In 2010, the village will open its newest attraction - the Lewis & Clark Confluence Memorial Tower. From platforms at 50, 100 and 150 feet in the air, visitors will be able to look down on the confluence of the Missouri & Mississippi Rivers, where the journey began.
The history of Wood River dates back to the early 1800s and the encampment of Lewis & Clark. On May 14, 1804, the River Dubois or the Wood River marked the point of departure for the Lewis & Clark Corps of Discovery and the journey westward. Over time, the rivers have changed their course, and the small Wood River ceases to exist, yet the community still lives on.
Settlers to Wood River began arriving in the early 1800's, but it was not until the early 1900's that the city really started to see growth. In 1906, Standard Oil Company chose Wood River as a location for a new refinery. As word of the refinery spread, spectators and workers began to move into the region.
By 1920, the U.S. Census showed Wood River to be the fastest growing town in the United States.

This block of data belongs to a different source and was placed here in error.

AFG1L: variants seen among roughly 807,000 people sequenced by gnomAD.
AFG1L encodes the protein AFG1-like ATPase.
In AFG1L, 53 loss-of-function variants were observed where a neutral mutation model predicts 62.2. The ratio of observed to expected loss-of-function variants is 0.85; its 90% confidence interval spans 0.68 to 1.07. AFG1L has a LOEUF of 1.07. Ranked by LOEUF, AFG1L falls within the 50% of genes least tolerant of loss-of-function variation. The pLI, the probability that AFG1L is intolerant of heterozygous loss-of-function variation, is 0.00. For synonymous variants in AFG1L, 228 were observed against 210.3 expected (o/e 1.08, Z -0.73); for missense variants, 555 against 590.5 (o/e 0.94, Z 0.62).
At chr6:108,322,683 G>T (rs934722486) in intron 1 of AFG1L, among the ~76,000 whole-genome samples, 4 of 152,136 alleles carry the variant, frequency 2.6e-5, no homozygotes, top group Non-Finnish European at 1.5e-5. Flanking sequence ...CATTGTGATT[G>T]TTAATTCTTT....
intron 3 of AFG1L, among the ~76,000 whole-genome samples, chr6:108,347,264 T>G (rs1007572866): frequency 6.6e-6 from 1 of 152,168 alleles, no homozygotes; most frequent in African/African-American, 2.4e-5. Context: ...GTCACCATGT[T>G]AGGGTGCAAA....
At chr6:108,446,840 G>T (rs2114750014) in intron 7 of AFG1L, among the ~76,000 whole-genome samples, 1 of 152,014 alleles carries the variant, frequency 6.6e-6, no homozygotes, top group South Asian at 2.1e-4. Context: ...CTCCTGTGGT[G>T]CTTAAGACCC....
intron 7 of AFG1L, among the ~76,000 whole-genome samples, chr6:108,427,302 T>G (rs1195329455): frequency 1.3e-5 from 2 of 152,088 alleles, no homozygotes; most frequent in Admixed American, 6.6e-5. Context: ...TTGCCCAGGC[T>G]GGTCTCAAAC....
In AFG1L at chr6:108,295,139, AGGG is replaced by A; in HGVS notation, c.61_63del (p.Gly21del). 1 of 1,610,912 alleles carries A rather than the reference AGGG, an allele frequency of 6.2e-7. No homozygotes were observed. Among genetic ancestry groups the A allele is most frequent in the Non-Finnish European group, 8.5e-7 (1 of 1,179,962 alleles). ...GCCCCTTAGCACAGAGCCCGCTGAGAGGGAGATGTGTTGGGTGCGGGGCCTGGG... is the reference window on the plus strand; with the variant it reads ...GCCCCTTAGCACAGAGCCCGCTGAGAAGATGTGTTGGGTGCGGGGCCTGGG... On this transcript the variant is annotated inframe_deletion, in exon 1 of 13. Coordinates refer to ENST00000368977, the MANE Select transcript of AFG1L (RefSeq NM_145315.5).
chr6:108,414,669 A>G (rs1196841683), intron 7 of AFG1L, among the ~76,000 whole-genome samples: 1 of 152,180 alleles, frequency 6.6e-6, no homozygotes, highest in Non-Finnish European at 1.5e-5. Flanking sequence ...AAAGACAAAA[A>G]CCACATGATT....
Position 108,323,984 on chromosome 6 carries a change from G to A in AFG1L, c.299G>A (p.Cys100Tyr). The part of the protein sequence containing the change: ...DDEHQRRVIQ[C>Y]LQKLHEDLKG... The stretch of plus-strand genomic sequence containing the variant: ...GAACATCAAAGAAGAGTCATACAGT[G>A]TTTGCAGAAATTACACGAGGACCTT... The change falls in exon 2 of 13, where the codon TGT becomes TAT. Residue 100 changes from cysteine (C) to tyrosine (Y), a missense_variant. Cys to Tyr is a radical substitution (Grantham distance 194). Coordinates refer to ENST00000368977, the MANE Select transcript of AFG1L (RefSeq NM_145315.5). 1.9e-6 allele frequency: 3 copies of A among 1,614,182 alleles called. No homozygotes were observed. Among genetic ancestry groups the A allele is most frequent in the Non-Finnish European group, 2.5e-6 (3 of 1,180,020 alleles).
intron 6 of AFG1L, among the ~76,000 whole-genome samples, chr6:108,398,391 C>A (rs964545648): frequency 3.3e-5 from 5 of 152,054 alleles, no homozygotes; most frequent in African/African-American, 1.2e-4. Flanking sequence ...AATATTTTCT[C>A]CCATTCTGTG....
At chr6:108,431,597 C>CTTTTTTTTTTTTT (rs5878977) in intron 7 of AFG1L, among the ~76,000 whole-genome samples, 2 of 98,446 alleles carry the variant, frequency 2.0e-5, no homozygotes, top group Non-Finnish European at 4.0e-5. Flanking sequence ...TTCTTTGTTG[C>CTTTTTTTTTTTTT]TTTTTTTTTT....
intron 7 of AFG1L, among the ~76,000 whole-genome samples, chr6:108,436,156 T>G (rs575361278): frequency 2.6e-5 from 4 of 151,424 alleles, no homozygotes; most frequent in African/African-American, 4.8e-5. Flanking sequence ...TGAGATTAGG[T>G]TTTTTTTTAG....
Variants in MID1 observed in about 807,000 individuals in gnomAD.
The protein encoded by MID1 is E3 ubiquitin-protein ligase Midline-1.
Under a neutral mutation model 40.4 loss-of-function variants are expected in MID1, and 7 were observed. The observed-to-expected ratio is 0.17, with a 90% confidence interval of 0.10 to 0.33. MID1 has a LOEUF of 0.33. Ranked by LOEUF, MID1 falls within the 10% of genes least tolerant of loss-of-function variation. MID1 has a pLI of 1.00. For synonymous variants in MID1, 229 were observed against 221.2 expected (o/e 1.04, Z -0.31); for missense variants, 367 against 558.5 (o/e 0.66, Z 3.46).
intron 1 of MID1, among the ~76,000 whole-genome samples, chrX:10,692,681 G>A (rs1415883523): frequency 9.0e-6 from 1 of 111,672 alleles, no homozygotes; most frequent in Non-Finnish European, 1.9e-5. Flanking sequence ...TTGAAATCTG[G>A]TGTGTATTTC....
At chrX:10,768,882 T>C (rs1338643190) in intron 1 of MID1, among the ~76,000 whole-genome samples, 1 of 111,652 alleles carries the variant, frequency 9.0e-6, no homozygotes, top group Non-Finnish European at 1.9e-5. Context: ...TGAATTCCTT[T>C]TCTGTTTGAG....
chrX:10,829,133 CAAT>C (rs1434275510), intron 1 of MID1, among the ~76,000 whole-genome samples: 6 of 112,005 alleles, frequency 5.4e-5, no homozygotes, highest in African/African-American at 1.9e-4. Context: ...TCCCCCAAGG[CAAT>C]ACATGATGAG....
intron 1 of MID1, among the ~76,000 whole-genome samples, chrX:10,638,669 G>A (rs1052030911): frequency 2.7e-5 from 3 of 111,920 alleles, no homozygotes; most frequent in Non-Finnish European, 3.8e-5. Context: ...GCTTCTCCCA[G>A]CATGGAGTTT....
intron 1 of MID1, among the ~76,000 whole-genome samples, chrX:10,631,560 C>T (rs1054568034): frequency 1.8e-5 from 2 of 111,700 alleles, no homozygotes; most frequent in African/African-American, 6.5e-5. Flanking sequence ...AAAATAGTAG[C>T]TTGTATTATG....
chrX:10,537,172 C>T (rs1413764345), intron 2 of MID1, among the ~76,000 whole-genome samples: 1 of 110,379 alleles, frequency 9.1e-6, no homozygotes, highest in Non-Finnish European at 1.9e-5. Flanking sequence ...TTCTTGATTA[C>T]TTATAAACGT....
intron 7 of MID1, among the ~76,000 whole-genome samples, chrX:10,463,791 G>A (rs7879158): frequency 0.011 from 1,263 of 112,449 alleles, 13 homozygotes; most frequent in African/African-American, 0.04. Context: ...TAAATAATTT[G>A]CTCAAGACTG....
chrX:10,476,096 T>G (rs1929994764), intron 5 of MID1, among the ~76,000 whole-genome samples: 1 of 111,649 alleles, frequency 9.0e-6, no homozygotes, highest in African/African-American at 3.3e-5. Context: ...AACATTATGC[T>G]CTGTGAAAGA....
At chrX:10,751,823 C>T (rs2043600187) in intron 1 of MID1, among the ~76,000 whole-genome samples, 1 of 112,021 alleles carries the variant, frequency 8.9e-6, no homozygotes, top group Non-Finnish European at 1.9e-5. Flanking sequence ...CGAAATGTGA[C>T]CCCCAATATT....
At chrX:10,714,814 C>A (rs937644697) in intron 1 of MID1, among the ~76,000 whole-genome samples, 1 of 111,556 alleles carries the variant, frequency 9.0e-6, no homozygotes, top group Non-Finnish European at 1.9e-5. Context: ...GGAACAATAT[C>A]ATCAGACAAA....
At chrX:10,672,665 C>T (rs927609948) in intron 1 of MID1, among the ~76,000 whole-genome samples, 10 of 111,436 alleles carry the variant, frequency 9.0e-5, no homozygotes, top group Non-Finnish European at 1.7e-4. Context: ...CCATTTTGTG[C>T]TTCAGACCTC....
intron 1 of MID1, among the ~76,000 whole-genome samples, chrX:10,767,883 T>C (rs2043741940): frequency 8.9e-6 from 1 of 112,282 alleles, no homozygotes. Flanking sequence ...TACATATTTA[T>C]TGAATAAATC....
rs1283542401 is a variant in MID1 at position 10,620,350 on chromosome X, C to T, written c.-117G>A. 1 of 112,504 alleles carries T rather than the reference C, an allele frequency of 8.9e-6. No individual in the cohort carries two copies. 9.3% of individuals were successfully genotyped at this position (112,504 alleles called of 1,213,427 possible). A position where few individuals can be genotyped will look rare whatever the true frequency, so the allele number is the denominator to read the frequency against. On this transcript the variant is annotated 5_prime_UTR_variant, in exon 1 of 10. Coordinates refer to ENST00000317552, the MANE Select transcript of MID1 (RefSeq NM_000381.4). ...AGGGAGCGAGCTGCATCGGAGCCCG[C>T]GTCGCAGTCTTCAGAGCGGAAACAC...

The Wood River Heritage Council has worked diligently to preserve the town's past at the Wood River Museum and Visitor's Center. It is here that you will find exhibits on the Wood River massacre of 1814, Olde Downtown, the Flood of 1915, the World's largest swimming pool, and the impact of Standard Oil on this growing community. Another historic stop is the Vaughn Cemetery on Illinois Route 111 where Revolutionary War soldiers, Civil War soldiers and Wood River massacre victims are buried.
In addition to exploring the town's history, Wood River has much to offer visitors interested in putting around or making a big splash. The Belk Park Golf Course is one of the premier golf courses in the state of Illinois welcoming more than 50,000 visitors a year to enjoy 18-holes in this picturesque park. For families looking to cool off on a hot summer day, the Aquatic Center water recreation complex features a wading pool, Olympic size lap pool, two 4-story high water slides, diving wells and a volleyball court.